When you are considering reinventing or reinvigorating your business, the first step is to assess your current business and the business environment.

Use the following checklist to help you get started, and then contact your local OKSBDC office to schedule a no-cost Business Success Check-Up. Working together we will work to gain a current benchmark for your business and begin developing a strategic plan toward your new goals.


*What is your current product or service?

*Does it meet today’s customers’ needs/wants?

*Are you providing the product/service in the most cost efficient, consumer-friendly way?

*How does your pricing compare with your competitors?

*How does your delivery system compare with your competitors?

*Do you have additional expertise or assets that could be utilized? Or, are some equipment and assets unused and need to be sold to make room for a new direction?


*Should you add new products/services to your line?

*Should you grow your existing markets or seek new market share?

*What is happening in your industry that will affect your decisions?

*What is happening in the economy that will affect your decisions?


*What research is needed to provide you with the required information?

*What training will you need to help you set and accomplish your goals?

*Are additional employees needed and do you know how to hire and manage them?

For assistance with these issues and more, contact your local OKSBDC office.

Top 25 Questions to answer before you start

If you liked your answers from “Is Starting Your Own Business for You” and you think you are ready, then get your notepad, IPAD, computer or something to record your answers to our Top 25 questions to answer before you start a business!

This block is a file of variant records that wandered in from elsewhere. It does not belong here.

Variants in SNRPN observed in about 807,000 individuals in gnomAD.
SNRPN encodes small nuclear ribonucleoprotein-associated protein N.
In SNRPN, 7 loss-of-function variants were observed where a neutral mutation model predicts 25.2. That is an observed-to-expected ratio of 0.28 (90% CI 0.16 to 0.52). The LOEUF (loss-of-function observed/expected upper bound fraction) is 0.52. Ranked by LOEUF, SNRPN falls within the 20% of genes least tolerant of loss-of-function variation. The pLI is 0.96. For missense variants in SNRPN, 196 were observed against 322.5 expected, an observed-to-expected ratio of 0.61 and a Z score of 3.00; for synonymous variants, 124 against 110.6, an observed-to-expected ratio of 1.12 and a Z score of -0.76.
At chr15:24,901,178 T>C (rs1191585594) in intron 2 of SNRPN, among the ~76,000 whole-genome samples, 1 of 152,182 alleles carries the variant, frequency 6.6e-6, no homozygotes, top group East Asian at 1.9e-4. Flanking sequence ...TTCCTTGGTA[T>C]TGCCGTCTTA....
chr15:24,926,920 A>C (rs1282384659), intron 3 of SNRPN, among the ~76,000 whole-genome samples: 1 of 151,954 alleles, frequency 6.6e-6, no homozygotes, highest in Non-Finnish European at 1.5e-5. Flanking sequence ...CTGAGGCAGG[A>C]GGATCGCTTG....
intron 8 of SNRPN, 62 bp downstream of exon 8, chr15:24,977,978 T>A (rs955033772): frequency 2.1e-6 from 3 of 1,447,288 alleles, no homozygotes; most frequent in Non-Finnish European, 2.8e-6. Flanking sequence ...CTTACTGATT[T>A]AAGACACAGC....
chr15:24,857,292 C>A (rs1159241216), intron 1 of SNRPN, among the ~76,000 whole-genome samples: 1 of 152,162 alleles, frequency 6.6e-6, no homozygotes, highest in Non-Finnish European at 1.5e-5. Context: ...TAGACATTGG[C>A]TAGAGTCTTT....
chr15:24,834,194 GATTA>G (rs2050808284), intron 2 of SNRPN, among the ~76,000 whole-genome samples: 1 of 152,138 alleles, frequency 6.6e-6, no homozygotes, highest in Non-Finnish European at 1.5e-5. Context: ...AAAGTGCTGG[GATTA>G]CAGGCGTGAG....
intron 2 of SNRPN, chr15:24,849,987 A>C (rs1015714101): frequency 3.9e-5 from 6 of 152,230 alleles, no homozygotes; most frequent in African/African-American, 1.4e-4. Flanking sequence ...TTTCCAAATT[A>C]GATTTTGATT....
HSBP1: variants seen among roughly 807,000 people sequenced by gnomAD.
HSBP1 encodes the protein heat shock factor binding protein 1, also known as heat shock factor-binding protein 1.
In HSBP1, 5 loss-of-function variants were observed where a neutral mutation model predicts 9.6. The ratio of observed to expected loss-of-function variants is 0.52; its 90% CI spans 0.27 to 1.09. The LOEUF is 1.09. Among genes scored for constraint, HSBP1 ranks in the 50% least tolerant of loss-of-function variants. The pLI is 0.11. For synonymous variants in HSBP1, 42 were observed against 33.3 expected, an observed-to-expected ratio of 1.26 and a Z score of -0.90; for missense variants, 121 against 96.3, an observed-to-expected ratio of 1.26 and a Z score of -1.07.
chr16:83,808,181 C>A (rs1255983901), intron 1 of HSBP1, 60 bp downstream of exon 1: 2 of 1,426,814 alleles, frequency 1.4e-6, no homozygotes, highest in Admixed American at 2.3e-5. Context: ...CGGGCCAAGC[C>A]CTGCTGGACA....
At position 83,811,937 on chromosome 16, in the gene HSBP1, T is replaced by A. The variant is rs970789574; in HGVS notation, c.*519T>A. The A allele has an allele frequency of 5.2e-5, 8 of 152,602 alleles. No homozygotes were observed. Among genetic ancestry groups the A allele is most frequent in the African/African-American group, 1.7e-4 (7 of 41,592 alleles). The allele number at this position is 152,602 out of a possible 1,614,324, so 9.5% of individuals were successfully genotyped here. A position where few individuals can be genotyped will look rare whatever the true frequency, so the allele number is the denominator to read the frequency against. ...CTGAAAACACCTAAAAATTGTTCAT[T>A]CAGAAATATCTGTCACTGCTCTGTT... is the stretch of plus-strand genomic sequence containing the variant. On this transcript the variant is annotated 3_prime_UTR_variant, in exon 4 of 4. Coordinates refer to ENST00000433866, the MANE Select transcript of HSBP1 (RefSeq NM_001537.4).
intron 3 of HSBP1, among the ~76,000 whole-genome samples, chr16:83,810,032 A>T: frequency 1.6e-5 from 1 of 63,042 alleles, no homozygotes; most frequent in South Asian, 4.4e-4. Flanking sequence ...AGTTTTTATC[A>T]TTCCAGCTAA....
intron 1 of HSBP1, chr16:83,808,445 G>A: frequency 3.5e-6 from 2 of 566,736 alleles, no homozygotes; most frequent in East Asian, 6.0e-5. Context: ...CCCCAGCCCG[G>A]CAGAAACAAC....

1. What’s my number one reason for starting a business? My second reason?
  2. What will success look like in my business in 1 year? 5 years?
  3. What kind of business do I want?
  4. Am I prepared to spend the time needed to get my business started?
  5. How will I set up the legal structure of my business?
  6. What products or services will my business provide?
  7. What types of suppliers do I need?
  8. How soon will it take before my products or services are available?
  9. Where will my business be located?
  10. Am I prepared to spend the money needed to get my business started?
  11. Is my credit good?
  12. How much money do I need to get started?
  13. Will I need to get a loan?
  14. Who is my competition?
  15. How will I price my product compared to my competition?
  16. Who is my ideal customer?
  17. How will I advertise my business?
  18. What differentiates my business idea and the products or services I provide from others in the market?
  19. How long do I have until I start making a profit?
  20. How will I keep track of my sales, expenses and income?
  21. What taxes do I need to pay?
  22. How many employees will I need?
  23. Do I need to protect my products or business?
  24. What kind of insurance do I need?
  25. How will I manage my business?